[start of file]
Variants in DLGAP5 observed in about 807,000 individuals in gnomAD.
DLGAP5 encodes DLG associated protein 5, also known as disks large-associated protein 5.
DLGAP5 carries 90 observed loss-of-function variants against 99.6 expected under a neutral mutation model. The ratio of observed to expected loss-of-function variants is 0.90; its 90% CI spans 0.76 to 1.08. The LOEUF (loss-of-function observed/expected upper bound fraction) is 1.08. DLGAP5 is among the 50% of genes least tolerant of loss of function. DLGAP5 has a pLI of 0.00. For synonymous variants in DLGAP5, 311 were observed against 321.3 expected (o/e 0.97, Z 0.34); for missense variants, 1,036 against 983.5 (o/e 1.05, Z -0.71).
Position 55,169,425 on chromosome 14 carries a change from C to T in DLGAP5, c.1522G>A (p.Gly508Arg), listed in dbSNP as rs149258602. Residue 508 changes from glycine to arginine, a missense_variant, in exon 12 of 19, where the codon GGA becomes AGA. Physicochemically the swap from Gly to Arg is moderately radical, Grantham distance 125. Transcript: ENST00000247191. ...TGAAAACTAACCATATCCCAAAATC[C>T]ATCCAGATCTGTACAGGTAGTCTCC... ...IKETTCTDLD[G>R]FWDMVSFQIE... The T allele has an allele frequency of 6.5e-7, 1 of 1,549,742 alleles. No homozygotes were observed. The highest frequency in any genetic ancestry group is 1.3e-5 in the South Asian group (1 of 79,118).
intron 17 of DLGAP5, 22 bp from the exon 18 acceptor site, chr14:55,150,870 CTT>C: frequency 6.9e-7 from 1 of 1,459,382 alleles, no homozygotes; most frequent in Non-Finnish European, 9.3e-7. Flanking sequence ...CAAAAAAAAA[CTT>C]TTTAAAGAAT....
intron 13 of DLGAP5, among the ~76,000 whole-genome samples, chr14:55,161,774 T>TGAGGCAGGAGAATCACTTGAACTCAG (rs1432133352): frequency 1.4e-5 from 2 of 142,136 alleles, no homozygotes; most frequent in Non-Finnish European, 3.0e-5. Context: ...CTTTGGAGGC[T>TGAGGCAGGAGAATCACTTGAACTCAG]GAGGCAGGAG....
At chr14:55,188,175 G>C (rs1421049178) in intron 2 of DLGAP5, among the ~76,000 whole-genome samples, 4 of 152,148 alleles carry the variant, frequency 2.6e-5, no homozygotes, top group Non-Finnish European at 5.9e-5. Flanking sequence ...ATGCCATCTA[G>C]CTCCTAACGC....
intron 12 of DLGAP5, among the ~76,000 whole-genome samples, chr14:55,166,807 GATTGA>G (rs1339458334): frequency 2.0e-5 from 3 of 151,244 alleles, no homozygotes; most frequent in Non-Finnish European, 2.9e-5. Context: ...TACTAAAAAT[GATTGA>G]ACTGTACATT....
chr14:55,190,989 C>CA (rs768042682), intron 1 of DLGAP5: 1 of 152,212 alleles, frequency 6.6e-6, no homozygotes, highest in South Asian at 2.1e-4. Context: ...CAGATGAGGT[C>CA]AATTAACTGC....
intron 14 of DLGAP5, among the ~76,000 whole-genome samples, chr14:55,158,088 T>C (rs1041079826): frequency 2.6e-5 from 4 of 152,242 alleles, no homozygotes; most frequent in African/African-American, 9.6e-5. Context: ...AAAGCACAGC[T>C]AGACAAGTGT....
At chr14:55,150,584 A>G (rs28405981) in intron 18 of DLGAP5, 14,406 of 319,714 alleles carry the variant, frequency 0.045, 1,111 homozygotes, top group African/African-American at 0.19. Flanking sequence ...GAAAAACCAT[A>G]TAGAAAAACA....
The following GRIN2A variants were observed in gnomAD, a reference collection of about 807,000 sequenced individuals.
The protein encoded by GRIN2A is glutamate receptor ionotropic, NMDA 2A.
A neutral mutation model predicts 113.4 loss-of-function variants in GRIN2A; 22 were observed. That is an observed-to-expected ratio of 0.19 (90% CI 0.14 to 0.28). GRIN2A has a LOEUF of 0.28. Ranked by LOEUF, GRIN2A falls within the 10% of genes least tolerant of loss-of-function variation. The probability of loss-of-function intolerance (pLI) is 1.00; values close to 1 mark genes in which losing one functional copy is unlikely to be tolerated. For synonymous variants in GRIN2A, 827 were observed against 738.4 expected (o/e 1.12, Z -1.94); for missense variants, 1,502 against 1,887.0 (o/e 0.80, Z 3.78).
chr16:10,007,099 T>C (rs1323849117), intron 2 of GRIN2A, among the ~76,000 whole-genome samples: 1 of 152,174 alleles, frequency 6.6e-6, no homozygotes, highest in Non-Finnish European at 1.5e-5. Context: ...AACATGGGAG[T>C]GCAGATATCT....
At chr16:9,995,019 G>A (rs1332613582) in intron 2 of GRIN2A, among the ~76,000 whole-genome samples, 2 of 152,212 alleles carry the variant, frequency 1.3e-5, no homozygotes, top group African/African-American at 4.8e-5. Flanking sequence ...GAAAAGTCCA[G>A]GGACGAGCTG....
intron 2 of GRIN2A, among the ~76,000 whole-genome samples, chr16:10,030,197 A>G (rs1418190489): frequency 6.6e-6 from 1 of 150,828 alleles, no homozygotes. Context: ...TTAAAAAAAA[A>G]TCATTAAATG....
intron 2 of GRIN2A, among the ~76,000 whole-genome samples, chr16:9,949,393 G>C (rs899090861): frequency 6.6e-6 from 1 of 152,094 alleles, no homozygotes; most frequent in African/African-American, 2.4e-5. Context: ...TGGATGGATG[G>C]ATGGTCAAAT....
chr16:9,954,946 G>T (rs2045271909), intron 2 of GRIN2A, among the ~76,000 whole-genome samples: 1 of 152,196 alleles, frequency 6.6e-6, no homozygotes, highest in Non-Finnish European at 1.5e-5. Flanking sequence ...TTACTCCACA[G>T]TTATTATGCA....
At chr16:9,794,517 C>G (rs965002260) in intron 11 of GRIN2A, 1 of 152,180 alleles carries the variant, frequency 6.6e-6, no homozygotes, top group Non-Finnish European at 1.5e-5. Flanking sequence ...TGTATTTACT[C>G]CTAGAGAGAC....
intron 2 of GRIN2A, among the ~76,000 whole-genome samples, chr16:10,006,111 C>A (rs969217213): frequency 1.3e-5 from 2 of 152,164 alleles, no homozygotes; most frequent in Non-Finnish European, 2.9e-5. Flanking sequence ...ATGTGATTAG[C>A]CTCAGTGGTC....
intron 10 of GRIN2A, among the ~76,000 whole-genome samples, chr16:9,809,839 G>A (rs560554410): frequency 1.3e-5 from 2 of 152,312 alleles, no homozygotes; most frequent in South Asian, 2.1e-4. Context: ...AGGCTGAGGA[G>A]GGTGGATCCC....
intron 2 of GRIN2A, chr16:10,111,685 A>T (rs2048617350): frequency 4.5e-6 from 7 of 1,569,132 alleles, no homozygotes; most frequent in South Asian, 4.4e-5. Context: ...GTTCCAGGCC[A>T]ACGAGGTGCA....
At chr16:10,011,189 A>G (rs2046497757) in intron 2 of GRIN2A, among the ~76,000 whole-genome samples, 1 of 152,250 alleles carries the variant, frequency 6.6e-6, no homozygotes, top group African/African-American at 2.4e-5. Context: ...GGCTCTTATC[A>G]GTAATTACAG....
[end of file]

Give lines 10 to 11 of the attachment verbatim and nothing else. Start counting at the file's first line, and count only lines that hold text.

intron 14 of DLGAP5, among the ~76,000 whole-genome samples, chr14:55,158,088 T>C (rs1041079826): frequency 2.6e-5 from 4 of 152,242 alleles, no homozygotes; most frequent in African/African-American, 9.6e-5. Context: ...AAAGCACAGC[T>C]AGACAAGTGT....
At chr14:55,150,584 A>G (rs28405981) in intron 18 of DLGAP5, 14,406 of 319,714 alleles carry the variant, frequency 0.045, 1,111 homozygotes, top group African/African-American at 0.19. Flanking sequence ...GAAAAACCAT[A>G]TAGAAAAACA....